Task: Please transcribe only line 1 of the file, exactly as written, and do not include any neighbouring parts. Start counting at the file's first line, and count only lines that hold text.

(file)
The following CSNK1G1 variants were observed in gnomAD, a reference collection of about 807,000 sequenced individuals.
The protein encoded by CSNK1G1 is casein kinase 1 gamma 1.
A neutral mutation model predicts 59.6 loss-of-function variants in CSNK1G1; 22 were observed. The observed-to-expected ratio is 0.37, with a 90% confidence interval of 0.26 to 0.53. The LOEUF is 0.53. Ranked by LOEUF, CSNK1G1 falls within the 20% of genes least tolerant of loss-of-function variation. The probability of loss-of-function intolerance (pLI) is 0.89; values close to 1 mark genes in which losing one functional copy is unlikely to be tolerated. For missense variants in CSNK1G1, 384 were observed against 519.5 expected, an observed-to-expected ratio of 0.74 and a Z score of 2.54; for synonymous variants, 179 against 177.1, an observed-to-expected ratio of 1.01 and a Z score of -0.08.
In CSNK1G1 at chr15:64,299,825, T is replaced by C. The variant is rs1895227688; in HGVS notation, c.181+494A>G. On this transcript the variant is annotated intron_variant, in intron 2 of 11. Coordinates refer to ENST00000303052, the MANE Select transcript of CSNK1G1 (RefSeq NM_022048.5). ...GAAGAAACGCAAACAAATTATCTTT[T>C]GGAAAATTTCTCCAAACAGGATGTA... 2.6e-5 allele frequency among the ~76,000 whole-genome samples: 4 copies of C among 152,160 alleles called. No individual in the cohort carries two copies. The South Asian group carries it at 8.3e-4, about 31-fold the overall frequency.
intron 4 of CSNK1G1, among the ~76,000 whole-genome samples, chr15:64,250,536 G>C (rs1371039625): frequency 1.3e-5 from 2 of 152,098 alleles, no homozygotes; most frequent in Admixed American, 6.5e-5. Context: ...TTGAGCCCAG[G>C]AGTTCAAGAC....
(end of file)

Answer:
The following CSNK1G1 variants were observed in gnomAD, a reference collection of about 807,000 sequenced individuals.